Is there a dental topic more polarizing than water fluoridation? Supporters adamantly defend this public health initiative and opponents are just as resolute in their position.
On the fence about community water fluoridation? An internet search on the topic can lead to hours of reading, and information that is all over the map. Adding to public perplexity is the fact that within dental health communities you will find both supporters and opponents, even though the Canadian Dental Hygienists Association and Canadian Dental Association both have position statements supporting community water fluoridation, (1,2) as do a long list of other organizations and groups. (1)
One thing that is clear, regardless of your stance on fluoride, tooth decay rates have increased among children in Calgary since water fluoridation was discontinued in May 2011. This was brought to media attention in 2014, with Registered Dental Hygienist, Denise Kokaram speaking out about significant tooth decay being treated on the Alex Dental Health Bus,
“more than half of the children who get treated on the bus have tooth decay”, she said. “We see lower self-esteem with these kids, attention spans are affected. Loss of days at school.”(3)
At this same time, Calgary pediatric dentist Dr. Sarah Hulland said
“I’m seeing a lot more children having a lot more cavities. I’m seeing a lot of decay on 19- to 20-month babies, and this is even before they’ve got all the teeth in.
We frequently have to put them to sleep to rehabilitate them. We don’t have enough anaesthetists that actually help us to put them to sleep. We don’t have enough OR time. We don’t have enough manpower to actually do the care that needs to be given.“
What used to be a one-month wait to see a pediatric dentist in Calgary is now at least three months.” (3)
Fast forward to today, and now we have hard data thanks to a recently published study carried out in Alberta.
Lead author Lindsay McLaren, PhD, from the Cumming School of Medicine and O’Brien Institute for Public Health revealed children in Calgary are experiencing higher rates of tooth decay compared to children of the same age in Edmonton.
Comparing more than 5,000 grade two children in both cities, “there was a worsening in tooth decay in Calgary since the discontinuation of fluoridation in 2011, compared to Edmonton, where water is still fluoridated. In fact, the number of tooth surfaces with decay per child increased by 3.8 surfaces in Calgary during the time frame of the study, compared to only 2.1 in Edmonton. This is a statistically significant difference. The average child has about 20 teeth with four or five surfaces per tooth.”(4)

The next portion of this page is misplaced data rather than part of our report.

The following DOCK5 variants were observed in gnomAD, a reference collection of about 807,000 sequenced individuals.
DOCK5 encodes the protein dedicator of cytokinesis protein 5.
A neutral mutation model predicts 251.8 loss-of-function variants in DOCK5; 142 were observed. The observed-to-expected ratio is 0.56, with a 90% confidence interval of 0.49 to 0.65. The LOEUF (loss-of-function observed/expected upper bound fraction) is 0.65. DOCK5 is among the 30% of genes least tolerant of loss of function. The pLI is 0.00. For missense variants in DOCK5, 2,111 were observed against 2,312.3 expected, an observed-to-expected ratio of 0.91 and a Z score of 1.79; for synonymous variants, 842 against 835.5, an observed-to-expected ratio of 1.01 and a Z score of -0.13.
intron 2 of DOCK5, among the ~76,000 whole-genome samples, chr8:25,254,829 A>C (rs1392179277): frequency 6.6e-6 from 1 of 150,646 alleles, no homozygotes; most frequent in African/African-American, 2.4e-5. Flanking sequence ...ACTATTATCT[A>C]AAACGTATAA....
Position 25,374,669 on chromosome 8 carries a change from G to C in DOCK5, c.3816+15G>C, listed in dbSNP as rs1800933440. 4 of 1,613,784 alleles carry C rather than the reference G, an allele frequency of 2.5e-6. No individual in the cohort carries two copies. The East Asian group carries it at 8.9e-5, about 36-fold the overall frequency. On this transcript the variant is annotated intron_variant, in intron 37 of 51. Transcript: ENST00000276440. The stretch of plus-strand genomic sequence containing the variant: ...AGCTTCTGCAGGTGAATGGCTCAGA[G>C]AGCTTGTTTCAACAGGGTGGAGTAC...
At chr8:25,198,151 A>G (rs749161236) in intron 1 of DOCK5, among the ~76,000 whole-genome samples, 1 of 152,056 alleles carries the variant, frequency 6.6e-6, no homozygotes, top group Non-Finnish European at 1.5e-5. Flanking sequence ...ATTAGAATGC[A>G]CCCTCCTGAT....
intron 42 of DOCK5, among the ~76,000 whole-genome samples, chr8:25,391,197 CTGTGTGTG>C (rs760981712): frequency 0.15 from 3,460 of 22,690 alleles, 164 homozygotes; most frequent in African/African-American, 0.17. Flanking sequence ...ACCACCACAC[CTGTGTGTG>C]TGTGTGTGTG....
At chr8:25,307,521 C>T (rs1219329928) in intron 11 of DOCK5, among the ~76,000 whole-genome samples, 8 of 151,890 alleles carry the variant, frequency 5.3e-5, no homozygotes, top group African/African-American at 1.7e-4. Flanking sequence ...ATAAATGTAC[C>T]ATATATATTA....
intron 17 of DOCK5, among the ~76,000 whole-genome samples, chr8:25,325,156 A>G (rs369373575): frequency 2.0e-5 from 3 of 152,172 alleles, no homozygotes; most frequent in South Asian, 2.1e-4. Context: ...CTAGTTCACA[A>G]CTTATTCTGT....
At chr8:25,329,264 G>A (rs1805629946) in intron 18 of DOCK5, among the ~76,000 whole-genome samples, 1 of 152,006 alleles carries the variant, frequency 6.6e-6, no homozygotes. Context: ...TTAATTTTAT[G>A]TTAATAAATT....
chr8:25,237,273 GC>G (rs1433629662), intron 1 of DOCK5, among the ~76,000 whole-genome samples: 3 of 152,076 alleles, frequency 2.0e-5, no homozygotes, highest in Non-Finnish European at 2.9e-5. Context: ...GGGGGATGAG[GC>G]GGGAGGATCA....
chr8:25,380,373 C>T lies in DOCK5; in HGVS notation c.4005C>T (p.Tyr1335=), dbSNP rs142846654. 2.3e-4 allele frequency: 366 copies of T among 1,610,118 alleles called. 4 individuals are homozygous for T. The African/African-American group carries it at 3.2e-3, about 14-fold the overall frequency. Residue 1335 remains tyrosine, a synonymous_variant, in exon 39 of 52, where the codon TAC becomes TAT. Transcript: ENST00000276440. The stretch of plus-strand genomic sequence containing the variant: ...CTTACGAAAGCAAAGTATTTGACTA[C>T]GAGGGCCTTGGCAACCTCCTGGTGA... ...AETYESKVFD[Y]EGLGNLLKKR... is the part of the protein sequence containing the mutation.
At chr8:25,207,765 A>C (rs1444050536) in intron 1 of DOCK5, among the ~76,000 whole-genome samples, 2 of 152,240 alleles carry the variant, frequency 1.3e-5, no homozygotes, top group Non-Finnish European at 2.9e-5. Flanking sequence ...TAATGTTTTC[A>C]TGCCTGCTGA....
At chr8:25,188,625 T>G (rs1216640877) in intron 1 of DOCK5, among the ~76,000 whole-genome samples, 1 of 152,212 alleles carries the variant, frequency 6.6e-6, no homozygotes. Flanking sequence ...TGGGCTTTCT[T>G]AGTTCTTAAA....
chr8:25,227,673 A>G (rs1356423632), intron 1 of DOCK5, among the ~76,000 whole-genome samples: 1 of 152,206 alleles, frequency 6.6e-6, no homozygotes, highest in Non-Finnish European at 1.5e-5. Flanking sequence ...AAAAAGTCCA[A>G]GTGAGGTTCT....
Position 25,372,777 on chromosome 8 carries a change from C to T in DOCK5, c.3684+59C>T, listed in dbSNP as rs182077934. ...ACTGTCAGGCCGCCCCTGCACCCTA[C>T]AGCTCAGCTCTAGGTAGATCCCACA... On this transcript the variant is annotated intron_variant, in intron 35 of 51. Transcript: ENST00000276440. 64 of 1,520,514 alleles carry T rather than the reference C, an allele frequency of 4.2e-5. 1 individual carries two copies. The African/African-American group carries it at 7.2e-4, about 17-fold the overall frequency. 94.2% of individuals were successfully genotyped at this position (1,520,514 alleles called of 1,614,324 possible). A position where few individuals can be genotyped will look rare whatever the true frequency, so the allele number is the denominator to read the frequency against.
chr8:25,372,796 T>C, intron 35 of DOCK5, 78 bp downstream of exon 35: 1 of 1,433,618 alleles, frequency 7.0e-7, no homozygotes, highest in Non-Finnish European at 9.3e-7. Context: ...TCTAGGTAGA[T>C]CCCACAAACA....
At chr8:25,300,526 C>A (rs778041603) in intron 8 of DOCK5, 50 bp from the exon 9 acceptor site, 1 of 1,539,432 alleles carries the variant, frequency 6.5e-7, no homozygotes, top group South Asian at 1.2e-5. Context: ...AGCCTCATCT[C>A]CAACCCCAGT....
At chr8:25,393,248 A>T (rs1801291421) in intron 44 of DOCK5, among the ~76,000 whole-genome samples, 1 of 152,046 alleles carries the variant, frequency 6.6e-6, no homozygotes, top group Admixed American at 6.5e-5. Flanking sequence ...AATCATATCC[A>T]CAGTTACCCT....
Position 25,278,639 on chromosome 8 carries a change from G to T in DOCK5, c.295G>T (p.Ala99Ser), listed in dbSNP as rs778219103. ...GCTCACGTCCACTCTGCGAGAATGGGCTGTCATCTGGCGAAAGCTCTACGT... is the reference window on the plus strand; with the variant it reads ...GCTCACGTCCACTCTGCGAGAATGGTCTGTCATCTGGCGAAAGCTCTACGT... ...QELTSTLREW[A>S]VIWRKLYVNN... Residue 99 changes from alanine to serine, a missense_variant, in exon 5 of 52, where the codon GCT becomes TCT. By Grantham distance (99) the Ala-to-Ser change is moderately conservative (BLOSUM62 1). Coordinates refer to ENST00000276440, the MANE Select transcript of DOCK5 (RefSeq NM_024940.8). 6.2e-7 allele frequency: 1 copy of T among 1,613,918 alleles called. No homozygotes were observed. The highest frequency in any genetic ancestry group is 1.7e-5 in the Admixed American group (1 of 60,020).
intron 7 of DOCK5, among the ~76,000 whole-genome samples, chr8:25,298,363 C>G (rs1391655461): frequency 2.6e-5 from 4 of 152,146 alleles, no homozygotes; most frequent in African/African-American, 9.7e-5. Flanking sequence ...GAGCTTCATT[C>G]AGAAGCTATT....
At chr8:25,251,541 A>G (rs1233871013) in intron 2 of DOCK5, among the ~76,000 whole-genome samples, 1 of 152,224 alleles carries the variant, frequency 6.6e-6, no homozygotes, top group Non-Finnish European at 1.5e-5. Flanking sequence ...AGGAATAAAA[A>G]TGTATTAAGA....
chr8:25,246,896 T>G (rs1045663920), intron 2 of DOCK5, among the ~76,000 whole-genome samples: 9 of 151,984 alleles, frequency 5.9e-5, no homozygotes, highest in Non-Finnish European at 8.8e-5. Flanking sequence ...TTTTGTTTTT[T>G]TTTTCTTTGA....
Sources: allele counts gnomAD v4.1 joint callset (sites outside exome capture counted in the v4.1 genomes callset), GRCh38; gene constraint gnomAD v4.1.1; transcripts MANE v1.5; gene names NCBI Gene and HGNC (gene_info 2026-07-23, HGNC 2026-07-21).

Dr.Mclaren says, “We first of all looked at trends over time in tooth decay in the two cities and whether there was a difference and after that we systematically went through and explored a number of possible alternative explanations for those differences. Everything pointed pretty consistently to fluoridation cessation being the main reason for the difference.”(4)
You can read the full study here htttp://www.ucalgary.ca/utoday/issue/2016-02-17/study-shows-tooth-decay-worsened-calgary-children-after-fluoride-removal (5)
At Lifetime Smiles Dental Hygiene Clinic, we provide our patients with recommendations based on their individual dental health needs, which may or may not include fluoride treatments. We respect a patient’s decision regarding treatments they consent to, and treatments they decline.
When demineralization is present, or an individual (child or adult) is a high risk for tooth decay, fluoride and re-mineralizing fluoride alternatives can be recommended. Our philosophy of care is to treat individuals on an individual basis.
Children should be seen for their first visit with a dental health care provider 6 months after their first tooth erupts, or by age 1 year. Lifetime Smiles Dental Hygiene Clinic offers to see children for this first visit at no charge. It is an important visit, despite the myth that baby teeth are NOT important. Baby teeth are VERY important. Let’s work together to ensure a future of cavity free adults, who do not require dental filling replacement over and over throughout their lives. Tooth decay is preventable. Let’s work together to prevent it.
Post Author: Sally Lloyd BScDH, Registered Dental Hygienist at Lifetime Smiles Dental Hygiene Clinic , Calgary,AB